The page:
Today's poem is "Corfu"
from (T)ravel/Un(T)ravel

Mid-List Press

Neil Shepard is the author of three previous collections of poetry—Scavenging the Country for a Heartbeat, I'm Here Because I Lost My Way, This Far from the Source— and poems have appeared in numerous publications, including Boulevard, Harvard Review, and Paris Review. Shepard is Senior Editor of Green Mountains Review and a founding member of the poetry-jazz ensemble PoJazz. He teaches in the low-residency MFA Writing Program at Wilkes University and lives in Vermont and New York City.

Other poems by Neil Shepard in Verse Daily:
October 2, 2006:   "This Is How It Is" " I'm old enough to know this daylight..."
June 29, 2005:   "Snowdon Philosophy" "Count me one object among many..."
April 2, 2004:  "Oh! On an April Morning" "I'm ready to murder the flowers...."

Books by Neil Shepard:

Other poems on the web by Neil Shepard:
"The News"
Four poems

Neil Shepard According to Wikipedia.

About (T)ravel/Un(T)ravel:

"With a generosity of awareness matched by a rich vocabulary and a trove of lightly carried information that brings close the exotic and renders it familiar, Shepard moves across the world as a sort of lyrical investigative reporter, staying true to the evidence of his eyes, and reaching for an awareness that's informed by philosophic attention, full of thoughtful responses -- never opinionated, always illuminating. As readers he obliges us to accompany him on these journeys -- part wonder, and part fact-packed documentary -- leaving us startled and satisfied by the abundance and variety of the world we inhabit or imagine. Occupying our mind as well as our other senses, the poems in this mature and various fourth collection provide touches of transcendence matched by dashes of skeptical understanding of the often pitiless way of the big world -- its savage contrasts between luxury and abject lack, its dizzying shifts from erotic bliss to a melancholy consciousness of the misery that lies all about us. In addition, with their deliberate attachments to the American literary tradition -- the visionary line of epic gazers (Emerson, Whitman, Jeffers, Sandburg, Melville, Stevens, Poe) -- Shepard's remarkable meditations take their place in a longstanding debate, implicit or explicit, that American artists have always had with the Old World, European and other. 'Throw open the doors!' he says in one poem, and in so many ways the meditative lyrics of (T)RAVEL/ UN(T)RAVEL do just that."
—Eamon Grennan

"We are taken, more than happily, all over the planet by (T)RAVEL/UN(T)RAVEL, but early on, we recognize that these are no glib or ill earned Tourist Poems: in the course of a rich and distinguished artistic and personal life, Shepard has discovered that 'Travel is the Voice/in the Void, the I's passport to Thou,' as this volume eloquently shows. Shepard takes on nothing less than teleology. Commanding that passport voice, resonant in poem after poem, the author speaks with a rare and refreshing maturity. The Void, and attendant nihilism, may tempt him, but, to quote Shepard by way of one great poem's title: 'I Say Nada to Nada.' As man and poet of the same age as he, I take courage from his confrontation of the abyss -- and his daringly leaping over it."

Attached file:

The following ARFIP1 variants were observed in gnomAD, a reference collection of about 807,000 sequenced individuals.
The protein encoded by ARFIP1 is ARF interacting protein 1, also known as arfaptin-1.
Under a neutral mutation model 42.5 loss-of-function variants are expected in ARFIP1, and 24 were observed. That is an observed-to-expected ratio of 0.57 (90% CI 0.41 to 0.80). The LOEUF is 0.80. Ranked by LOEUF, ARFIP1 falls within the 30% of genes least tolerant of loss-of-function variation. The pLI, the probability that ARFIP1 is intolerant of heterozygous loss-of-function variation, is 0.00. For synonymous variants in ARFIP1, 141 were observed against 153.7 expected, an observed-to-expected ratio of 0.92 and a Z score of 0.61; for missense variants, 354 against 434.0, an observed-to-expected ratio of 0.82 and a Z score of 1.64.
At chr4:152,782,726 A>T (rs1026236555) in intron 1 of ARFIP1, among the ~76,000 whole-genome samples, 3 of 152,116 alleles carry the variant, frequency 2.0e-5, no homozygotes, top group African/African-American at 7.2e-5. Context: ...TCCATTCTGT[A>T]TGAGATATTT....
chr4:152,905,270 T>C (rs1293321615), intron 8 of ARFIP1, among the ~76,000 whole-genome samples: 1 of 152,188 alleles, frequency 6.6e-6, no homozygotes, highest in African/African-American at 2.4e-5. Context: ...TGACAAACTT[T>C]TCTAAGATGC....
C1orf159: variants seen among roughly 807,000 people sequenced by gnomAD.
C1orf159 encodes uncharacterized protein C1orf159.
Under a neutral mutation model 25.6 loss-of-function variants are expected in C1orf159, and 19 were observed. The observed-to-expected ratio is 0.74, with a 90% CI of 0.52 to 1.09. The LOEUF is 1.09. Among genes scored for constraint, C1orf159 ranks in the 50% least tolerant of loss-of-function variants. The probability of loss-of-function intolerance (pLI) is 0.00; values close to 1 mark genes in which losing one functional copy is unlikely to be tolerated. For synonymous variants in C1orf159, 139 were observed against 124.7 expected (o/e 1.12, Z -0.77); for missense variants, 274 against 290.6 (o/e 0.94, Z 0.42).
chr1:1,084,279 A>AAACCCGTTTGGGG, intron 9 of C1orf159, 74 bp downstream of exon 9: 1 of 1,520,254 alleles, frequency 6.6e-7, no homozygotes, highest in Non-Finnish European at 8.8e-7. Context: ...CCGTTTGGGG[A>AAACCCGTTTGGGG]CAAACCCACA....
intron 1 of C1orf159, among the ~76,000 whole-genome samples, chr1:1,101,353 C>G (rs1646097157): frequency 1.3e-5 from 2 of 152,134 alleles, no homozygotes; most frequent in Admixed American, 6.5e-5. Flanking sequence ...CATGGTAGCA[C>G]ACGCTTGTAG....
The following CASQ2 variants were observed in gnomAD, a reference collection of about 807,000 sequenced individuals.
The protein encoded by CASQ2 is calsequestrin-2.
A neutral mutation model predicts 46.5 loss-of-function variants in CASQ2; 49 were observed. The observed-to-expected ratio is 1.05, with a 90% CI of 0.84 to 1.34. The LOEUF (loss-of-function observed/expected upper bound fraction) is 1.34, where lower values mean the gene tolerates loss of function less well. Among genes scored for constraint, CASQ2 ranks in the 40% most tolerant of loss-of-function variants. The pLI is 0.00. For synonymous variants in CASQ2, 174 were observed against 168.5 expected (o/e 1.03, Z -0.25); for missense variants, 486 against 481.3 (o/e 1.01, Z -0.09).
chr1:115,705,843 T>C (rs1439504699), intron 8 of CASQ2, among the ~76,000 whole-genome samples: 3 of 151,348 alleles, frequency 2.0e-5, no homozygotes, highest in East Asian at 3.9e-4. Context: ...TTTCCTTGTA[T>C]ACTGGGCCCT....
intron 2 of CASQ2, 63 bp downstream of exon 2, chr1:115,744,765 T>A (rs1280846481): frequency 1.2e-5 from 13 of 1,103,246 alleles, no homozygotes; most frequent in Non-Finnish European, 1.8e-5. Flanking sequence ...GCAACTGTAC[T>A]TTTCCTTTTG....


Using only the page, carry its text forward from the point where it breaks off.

—Sydney Lea

"In language by turns luscious and unsparing, skeptical and sensitive, the poems in Neil Shepard's intricately conceived (T)RAVEL/UN(T)RAVEL ricochet the far-flung points of the globe where he has lived and wandered, from the Marquesas to Versailles, from Corfu to Cambridge to China and back around again, keenly seeing, absorbing, and reporting on the world, but this is no travelogue. With introspection, argument, homage, the poems go 'beyond what is sensibly revealed,' enacting 'abrupt dislocations of matter' in their wide-ranging intellectual concerns. Whether haunted by blind beggars, 'the cross hairs of their eyeless stares, worse than the eye of the all-knowing,' or contemplating with rue 'sculpted trees/supervising the eye toward ornate fountains,' Shepard's eye and intelligence construct a vision compelling, revelatory and necessary to our age."
—Carol Moldaw

"Neil Shepard's (T)RAVEL/ UN(T)RAVEL takes us from the sublime -- Paris in Spring, sunset on Corfu -- to an unscheduled toilet stop in a Chinese desert as fellow passengers cheer. Yes, there's light at the heart of this book; but darkness too, as the world and the traveler unravel and re-ravel, fall together, come apart. Shepard proves the best sort of traveling companion -- lively, observant, incisive, eloquent, charmed by the strange and familiar, the old and new. Climb aboard these poems. Enjoy the ride."
—Charles Harper Webb

"From the golden statement of his title poem, (T)RAVEL/ UN(T)RAVEL, through luscious dislocations of time and space (in China, Bali, Spain, Wales and more), poet Neil Shepard turns roving into an art and creates art from the sensuous apprehension that only a being in motion can give. Not only does the poet roam the world, he roams in time, making literature itself his landscape. And when he's sick of travelling, torn between the coddled life and the life deprived, Shepard begins his unraveling and locates the task of the poet in this globalized world: to live many lives and find words both native and foreign for the 'ever-widening distance' and the intimate, disparate connections he feels. These are poems of depth, discovery, and snap -- Shepard at the top of his powers."
—Molly Peacock

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